13. ^ Roy, M.; Bouma, M. J.; Ionides, E. L.; Dhiman, R. C.; Pascual, M. (2013). "The potential elimination of Plasmodium vivax malaria by relapse treatment: Insights from a transmission model and surveillance data from NW India". PLoS Neglected Tropical Diseases. 7: e1979. doi:10.1371/journal.pntd.0001979. 
  14. ^ Zhou, J.; Han, L.; Liu, S. (2013). "Nonlinear mixed-effects state space models with applications to HIV dynamics". Statistics and Probability Letters. 83: 1448–1456. doi:10.1016/j.spl.2013.01.032. 
  15. ^ Lavine, J.; Rohani, P. (2012). "Resolving pertussis immunity and vaccine effectiveness using incidence time series". Expert Review of Vaccines. 11: 1319–1329. doi:10.1586/ERV.12.109. PMC 3595187Freely accessible. PMID 23249232. 
  16. ^ Blackwood, J. C.; Cummings, D. A. T.; Broutin, H.; Iamsirithaworn, S.; Rohani, P. (2013). "Deciphering the impacts of vaccination and immunity on pertussis epidemiology in Thailand". Proceedings of the National Academy of Sciences of the USA. 110 (23): 9595–9600. doi:10.1073/pnas.1220908110. PMC 3677483Freely accessible. PMID 23690587. 
  17. ^ Blake, I. M.; Martin, R.; Goel, A.; Khetsuriani, N.; Everts, J.; Wolff, C.; Wassilak, S.; Aylward, R. B.; Grassly, N. C. (2014). "The role of older children and adults in wild poliovirus transmission". Proceedings of the National Academy of Sciences of the USA. 111 (29): 10604–10609. doi:10.1073/pnas.1323688111. PMC 4115498Freely accessible. PMID 25002465.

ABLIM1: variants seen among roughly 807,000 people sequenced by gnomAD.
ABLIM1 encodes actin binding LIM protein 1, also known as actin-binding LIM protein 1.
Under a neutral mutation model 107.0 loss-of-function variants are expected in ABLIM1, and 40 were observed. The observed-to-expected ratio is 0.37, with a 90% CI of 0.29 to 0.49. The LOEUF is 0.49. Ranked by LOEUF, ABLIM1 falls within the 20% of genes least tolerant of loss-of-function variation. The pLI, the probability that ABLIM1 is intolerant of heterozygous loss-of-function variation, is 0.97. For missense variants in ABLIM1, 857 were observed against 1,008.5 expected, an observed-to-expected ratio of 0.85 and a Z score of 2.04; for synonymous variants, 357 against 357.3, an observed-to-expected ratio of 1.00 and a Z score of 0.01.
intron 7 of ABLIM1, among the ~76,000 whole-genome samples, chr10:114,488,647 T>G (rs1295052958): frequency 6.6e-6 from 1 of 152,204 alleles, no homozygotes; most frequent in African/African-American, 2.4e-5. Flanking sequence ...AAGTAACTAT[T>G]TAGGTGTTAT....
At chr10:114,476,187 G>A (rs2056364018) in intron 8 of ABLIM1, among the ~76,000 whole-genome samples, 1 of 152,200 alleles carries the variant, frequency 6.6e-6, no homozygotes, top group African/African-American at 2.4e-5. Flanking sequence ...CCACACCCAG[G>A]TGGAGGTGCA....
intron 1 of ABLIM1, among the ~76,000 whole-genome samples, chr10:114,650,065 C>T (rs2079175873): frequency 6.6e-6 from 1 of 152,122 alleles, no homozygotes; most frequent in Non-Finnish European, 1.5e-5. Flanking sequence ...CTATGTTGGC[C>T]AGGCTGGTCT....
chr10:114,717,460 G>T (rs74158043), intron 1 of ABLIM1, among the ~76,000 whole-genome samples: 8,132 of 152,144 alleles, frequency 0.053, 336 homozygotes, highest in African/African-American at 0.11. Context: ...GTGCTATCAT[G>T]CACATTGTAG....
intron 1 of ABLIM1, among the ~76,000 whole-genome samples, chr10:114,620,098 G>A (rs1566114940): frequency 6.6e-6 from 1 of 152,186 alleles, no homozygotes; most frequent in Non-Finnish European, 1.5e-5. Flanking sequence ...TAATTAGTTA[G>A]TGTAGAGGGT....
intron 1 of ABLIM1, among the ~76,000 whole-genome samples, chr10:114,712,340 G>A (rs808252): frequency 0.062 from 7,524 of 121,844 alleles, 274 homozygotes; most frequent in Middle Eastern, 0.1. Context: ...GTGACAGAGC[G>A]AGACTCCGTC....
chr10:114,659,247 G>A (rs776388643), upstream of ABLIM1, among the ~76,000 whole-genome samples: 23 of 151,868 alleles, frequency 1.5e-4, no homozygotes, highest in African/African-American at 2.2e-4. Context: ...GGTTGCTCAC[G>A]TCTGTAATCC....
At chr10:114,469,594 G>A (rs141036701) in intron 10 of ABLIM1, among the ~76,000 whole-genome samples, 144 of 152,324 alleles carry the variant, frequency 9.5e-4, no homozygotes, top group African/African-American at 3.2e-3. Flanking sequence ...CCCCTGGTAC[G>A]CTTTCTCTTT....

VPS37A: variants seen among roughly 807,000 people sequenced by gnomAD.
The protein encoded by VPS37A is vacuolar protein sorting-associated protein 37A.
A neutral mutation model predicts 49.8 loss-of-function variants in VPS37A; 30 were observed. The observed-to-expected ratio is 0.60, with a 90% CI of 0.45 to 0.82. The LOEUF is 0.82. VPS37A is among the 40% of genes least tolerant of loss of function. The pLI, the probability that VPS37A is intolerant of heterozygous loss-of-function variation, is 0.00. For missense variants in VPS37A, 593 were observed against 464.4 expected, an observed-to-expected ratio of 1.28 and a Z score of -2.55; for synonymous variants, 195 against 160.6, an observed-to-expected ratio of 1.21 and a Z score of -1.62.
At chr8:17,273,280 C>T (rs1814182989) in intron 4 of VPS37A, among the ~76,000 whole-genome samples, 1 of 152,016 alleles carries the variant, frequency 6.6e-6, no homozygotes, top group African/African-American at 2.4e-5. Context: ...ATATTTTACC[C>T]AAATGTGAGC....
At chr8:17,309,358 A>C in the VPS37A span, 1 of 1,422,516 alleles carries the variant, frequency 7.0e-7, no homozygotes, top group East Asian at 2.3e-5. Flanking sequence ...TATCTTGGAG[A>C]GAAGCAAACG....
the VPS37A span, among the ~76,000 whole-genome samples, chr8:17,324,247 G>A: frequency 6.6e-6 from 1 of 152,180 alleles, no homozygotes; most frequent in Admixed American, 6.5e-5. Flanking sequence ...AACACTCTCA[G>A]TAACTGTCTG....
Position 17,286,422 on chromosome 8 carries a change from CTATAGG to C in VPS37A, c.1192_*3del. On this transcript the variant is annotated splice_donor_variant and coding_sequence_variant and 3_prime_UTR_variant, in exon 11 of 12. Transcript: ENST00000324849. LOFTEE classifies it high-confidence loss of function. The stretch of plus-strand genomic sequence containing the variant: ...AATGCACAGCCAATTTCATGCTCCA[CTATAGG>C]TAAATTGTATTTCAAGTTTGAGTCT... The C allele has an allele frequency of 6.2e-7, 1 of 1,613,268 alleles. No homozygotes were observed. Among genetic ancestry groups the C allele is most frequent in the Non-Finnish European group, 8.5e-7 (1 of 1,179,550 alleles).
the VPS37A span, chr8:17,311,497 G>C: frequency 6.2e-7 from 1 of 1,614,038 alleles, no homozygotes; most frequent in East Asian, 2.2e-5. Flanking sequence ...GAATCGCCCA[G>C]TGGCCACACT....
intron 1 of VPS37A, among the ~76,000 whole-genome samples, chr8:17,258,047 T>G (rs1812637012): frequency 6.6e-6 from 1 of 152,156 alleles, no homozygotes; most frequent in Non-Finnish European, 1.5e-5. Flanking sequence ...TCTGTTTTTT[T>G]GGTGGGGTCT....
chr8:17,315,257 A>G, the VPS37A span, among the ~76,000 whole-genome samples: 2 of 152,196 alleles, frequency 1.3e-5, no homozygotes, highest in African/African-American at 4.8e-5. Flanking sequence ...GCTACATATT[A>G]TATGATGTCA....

18. ^ He, D.; Ionides,E. L.; King, A. A. (2010). "Plug-and-play inference for disease dynamics: measles in large and small towns as a case study". Journal of the Royal Society Interface. 7 (43): 271–283. doi:10.1098/rsif.2009.0151. PMC 2842609Freely accessible. PMID 19535416. 
  19. ^ Ionides, E. L.. (2011). "Discussion on "Feature Matching in Time Series Modeling" by Y. Xia and H. Tong.". Statistical Science. 26: 49–52. doi:10.1214/11-STS345C. 
  20. ^ Blackwood, J. C.; Streicker, D. G.; Altizer, S.; Rohani, P. (2013). "Resolving the roles of immunity, pathogenesis, and immigration for rabies persistence in vampire bat". Proceedings of the National Academy of Sciences of the USA. 110 (51): 20837––20842. doi:10.1073/pnas.1308817110. PMC 3870737Freely accessible. PMID 24297874. 
  21. ^ Bhadra, A. (2010). "Discussion of "Particle Markov chain Monte Carlo methods" by C. Andrieu, A. Doucet and R. Holenstein". Journal of the Royal Statistical Society, Series B. 72 (3): 314–315. doi:10.1111/j.1467-9868.2009.00736.x. 
  22. ^ Breto, C. (2014). "On idiosyncratic stochasticity of financial leverage effects". Statistics and Probability Letters. 91: 20–26. doi:10.1016/j.spl.2014.04.003. 
  23. ^ Lindstrom, E.; Ionides, E. L.; Frydendall, J.; Madsen, H. (2012). "Efficient Iterated Filtering". System Identification. 16: 1785–1790. doi:10.3182/20120711-3-BE-2027.00300. 
  24. ^ Lindstrom, E. (2013). "Tuned iterated filtering". Statistics and Probability Letters. 83 (9): 2077–2080. doi:10.1016/j.spl.2013.05.019. 
  25. ^ Doucet, A.; Jacob, P. E.; Rubenthaler, S. (2013). "Derivative-Free Estimation of the Score Vector and Observed Information Matrix with Application to State-Space Models". arXiv:1304.5768Freely accessible [stat.ME].